Church, Musings

The Church and Cultural Relevance part 2

The issue of “relevance” seems to be a two-edged sword.

On the one had, who doesn’t want to be relevant?

Relevant can mean–having sensible or logical connection with something–like that which is currently being discussed. And the church should be part of the conversation.

Relevant can also mean–having some bearing on or importance for real-world issues, present-day events, or the current state of society. And the church should be making an impact in the real world.

But do we sacrifice our uniqueness–our mission in the world, when we seek to be like the world?

John the Baptist and Jesus were both part of the conversation. They had the most important message, one that was very much needed, real and could change society. (See Matthew 11:1-19)

But they approached society in very different ways.

John was unique in is dress, diet, and desert seclusion.

Jesus was unique because of his birth (but so was John but no as miraculous), his person (so was John but not so majestic), his power, his authority and his mission.

John led a life separate from the world. Jesus lived in the midst of the world–even with (or especially) among those with the greatest physical and spiritual need.

John was criticized for being different.

Jesus was criticized for being like the world.

But there were very much like.

Their first message–“repent, for the kingdom of heaven is at hand”

The reaction of the crowd–flocked to them and confessed their sins.

Their message to the religious elite, the hypocrites–condemnation.

Their character–unblemished, blameless (though they were accused), authentic, real.

Their allegiance–total submission to God.

So what does this say about relevance and the church?

1) that character and mission are more important than mode

2) that there is more than one way to impact society

3) that the message should not be compromised

4) that seeking approval from the world is not the goal

5) that seeking isolation from the world is not the goal

6) that religious hypocrisy should not be tolerated

7) that while the things of God should be accessible to all, they demand our all

8 ) God is always relevant

9) the Gospel is relevant to all, in all societies, at all times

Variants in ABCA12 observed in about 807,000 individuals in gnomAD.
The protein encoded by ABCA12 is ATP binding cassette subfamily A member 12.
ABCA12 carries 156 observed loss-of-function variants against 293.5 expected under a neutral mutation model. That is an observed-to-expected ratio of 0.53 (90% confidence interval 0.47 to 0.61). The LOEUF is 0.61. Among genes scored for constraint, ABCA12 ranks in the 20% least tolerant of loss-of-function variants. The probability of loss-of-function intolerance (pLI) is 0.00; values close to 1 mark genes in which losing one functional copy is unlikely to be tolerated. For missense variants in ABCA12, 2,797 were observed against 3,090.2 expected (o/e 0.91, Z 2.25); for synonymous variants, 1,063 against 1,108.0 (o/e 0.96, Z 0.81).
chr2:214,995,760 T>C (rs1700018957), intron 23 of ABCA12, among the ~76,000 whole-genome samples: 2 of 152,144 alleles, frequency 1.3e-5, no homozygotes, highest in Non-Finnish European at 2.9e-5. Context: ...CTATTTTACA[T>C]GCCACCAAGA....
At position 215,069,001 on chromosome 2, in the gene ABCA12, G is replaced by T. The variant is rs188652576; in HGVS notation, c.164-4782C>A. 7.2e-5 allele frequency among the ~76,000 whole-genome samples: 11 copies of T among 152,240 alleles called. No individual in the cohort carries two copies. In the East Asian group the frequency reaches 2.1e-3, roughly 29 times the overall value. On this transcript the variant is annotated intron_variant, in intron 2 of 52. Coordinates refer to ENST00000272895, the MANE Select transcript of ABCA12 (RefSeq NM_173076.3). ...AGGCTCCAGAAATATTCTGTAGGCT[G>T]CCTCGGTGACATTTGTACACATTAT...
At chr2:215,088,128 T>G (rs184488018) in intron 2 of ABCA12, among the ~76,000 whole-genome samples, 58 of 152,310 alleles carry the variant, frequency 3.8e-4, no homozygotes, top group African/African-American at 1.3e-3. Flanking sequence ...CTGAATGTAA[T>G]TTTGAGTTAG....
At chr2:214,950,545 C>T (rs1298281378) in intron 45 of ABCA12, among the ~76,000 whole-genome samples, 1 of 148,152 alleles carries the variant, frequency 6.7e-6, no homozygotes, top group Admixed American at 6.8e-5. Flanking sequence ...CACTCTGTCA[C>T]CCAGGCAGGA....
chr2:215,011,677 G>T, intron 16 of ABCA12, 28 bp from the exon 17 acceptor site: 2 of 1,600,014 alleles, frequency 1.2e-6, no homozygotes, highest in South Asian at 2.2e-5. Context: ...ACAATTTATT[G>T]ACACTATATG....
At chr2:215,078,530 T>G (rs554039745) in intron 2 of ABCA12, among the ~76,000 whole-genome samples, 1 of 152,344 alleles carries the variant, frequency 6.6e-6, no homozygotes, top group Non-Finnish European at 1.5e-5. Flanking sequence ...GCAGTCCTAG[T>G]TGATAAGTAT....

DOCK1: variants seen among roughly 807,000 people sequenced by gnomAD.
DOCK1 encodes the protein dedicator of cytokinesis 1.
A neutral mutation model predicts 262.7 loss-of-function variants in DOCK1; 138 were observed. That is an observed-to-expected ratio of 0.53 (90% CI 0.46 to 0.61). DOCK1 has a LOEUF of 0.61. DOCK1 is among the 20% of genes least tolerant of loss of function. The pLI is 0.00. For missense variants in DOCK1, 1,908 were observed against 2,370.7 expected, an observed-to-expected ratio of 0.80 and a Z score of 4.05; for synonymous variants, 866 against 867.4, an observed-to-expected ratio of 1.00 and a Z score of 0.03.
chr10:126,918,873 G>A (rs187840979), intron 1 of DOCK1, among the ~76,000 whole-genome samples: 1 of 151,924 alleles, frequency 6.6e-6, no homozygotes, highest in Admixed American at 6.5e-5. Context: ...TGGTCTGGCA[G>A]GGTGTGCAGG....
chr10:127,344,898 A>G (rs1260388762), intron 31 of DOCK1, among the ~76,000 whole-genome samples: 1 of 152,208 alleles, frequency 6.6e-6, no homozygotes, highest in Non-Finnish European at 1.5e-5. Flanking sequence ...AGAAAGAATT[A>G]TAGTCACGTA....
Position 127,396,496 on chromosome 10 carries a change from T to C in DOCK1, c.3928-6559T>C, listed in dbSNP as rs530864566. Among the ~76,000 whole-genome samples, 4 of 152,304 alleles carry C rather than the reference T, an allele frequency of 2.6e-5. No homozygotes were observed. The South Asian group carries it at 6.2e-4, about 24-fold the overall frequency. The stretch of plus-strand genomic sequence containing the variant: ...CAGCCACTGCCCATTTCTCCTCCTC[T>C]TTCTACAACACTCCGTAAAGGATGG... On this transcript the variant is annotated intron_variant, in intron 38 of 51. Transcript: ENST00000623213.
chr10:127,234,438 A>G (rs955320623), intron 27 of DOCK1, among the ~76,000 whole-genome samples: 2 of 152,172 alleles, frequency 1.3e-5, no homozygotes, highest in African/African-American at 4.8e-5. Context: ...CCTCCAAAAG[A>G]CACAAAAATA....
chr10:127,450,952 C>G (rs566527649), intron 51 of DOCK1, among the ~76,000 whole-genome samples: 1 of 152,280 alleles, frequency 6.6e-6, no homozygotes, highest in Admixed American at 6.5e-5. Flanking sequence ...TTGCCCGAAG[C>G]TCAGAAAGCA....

And probably many more.

The point–as Ed Stetzer as has said, relevance is a tool not the goal.

The point–character, mission and message should not be compromised in order to make the “church” relevant.


The key–the gospel of Jesus Christ, proclaimed with clarity and passion by lives lived authentically and with compassion for the glory of God.



Author: Steve

Steve Kilgore joined the staff of Calvary Church in Lancaster, PA in the fall of 2002 as the Pastor of Discipleship to facilitate the equipping ministries, which include Adult Bible Fellowship and other adult discipleship ministries, and work with the rest of the education ministries. He currently serves as the Executive Pastor of Ministries with a focus on providing ministries that facility individuals taking intentional Next Steps for growing and participating in the leadership and administrative aspect at Calvary. He has also taught part-time at Lancaster Bible College in the area of Spiritual Formation and New Testament. Prior to coming to Calvary he served in two churches as well as taught part-time at Philadelphia Biblical University. He was born in Dallas, Texas, but spent the first 13 years of his life in Guatemala where his parents were missionaries. It was there at the age of four and a half that Steve placed his faith in Christ as his Savior. Steve received a Bachelor’s degree in Bible from Philadelphia College of Bible and a Masters of Theology from Dallas Theological Seminary. Steve and his wife, Mary Anne, have their two boys, Andrew and Nathan (both in college), and live in East Lampeter Township. Steve lives and ministers by the personal motto, Know what you believe and why, live it, be able to defend it. His hobbies, other than playing with his family, include tinkering with computers, reading, drinking coffee with his wife, playing and watching basketball. Steve and Mary Anne are looking forward to exploring new hobbies as they transition to life as empty-nesters.

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